Overexpression of APAF1 and suppression of ovarian cancer cell proliferation, migration and invasion in vitro

As shown in Fig. 6A, APAF1 was overexpressed in SKOV3 and A2780 cells following pcDNA3.1-APAF1 transfection. Using the CCK-8 assay, overexpression of APAF1 inhibited ovarian cancer cell proliferation (Fig. 6B). Using Transwell assay, overexpression of APAF1 suppressed the SKOV3 and A2780 cell migration and invasion (Fig. 6C and D).

Overexpression of APAF1 and ovarian cancer cell apoptosis in vitro

The Annexin V-FITC/PI staining and Hoechst staining methods showed that the ovarian cancer cell apoptosis rates were induced following overexpression of APAF1 (Fig. 7).

Discussion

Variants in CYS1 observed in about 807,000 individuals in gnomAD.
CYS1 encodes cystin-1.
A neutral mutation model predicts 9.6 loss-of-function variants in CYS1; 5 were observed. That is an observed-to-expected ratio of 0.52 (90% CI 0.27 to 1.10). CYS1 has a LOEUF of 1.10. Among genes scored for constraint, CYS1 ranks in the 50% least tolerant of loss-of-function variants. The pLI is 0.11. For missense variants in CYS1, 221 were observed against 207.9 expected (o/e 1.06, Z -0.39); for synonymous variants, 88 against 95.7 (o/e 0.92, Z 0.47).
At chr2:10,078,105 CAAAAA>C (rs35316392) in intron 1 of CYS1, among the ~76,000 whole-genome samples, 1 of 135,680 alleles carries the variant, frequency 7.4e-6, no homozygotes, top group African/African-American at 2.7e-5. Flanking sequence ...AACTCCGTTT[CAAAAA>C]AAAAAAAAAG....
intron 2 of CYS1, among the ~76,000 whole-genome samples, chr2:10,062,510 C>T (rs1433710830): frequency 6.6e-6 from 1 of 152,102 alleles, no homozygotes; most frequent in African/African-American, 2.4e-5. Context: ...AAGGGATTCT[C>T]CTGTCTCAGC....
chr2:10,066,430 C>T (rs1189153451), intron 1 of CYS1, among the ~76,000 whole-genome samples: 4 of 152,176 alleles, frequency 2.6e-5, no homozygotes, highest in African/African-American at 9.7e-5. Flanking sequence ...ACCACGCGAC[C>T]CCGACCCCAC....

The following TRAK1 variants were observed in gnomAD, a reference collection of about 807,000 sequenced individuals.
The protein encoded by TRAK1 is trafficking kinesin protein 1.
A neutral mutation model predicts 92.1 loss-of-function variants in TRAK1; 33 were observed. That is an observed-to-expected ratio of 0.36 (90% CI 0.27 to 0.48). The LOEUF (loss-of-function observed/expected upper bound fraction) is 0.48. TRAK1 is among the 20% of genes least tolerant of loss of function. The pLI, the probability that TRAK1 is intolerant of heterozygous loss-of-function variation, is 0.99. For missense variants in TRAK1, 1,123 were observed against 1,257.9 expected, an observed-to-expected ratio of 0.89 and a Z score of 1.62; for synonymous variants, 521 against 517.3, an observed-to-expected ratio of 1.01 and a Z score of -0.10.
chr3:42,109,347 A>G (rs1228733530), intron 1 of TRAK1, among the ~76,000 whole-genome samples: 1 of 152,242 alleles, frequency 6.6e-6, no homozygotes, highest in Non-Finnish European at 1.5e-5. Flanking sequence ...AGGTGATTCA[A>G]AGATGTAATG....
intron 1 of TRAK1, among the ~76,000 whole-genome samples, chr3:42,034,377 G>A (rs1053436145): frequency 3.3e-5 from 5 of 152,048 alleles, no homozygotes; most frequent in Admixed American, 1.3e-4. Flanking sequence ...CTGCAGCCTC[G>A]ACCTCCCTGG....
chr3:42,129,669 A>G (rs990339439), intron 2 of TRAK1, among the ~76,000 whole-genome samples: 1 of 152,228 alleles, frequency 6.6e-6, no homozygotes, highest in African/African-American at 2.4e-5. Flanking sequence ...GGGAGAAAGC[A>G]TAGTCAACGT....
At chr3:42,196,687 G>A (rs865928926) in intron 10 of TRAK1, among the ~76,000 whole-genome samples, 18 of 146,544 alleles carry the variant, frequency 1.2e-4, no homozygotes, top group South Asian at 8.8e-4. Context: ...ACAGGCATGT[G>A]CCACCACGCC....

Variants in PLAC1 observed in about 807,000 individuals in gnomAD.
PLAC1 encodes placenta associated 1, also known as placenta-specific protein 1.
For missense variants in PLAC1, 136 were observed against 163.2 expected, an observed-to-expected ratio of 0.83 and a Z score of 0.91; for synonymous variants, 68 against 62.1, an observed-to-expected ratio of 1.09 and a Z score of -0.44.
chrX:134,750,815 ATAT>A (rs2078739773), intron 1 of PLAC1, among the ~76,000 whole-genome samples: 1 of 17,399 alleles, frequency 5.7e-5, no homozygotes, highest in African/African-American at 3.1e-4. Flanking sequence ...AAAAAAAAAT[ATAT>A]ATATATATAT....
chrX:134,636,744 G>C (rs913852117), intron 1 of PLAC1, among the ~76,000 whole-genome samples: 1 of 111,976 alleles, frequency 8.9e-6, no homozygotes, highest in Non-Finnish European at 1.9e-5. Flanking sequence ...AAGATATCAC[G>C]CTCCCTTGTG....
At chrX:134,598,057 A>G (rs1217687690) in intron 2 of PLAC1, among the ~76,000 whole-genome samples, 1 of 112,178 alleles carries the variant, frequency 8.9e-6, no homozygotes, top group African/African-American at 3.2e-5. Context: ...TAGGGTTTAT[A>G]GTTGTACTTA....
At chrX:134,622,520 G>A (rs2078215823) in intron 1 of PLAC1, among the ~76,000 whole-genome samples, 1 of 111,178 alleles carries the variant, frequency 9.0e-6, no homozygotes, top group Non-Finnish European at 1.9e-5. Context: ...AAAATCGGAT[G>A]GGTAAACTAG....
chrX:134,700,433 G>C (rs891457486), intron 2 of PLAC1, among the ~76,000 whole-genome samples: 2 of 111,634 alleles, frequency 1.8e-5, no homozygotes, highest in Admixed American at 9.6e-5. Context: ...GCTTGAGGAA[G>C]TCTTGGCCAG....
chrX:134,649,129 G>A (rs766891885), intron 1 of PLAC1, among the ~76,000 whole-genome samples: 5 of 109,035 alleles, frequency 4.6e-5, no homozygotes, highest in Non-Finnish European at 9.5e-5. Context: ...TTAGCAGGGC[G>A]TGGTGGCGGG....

The present study was designed to investigate the expression of microRNA-221 (miR-221) in ovarian cancer tissues and ovarian carcinoma cell lines and to undertake a preliminary study of the prognostic significance of miR-221 in patients following surgery for ovarian carcinoma. The results showed that the expression of miR-221 was increased in ovarian cancer tissues compared with matched adjacent normal tissue. Increased expression levels of miR-221 were associated with increased ovarian tumor size, increased depth of tumor invasion, a higher tumor stage, reduced patient prognosis and survival. Tumor cell transfection with the miR-221 inhibitor induced apoptosis protease activating factor 1 (APAF1) protein expression and confirmed that APAF1 is a target gene for miR-221. Following miR-221 inhibitor transfection, ovarian cancer cell proliferation, migration and invasion were inhibited in vitro and cell apoptosis was induced in vitro. The findings of the present study indicate that miR-221 may act as an oncogene by regulating tumor cell growth, invasion, migration and apoptosis in ovarian cancer, and that miR-221-APAF1 may represent a new potential diagnosis and therapeutic biomarker in ovarian cancer.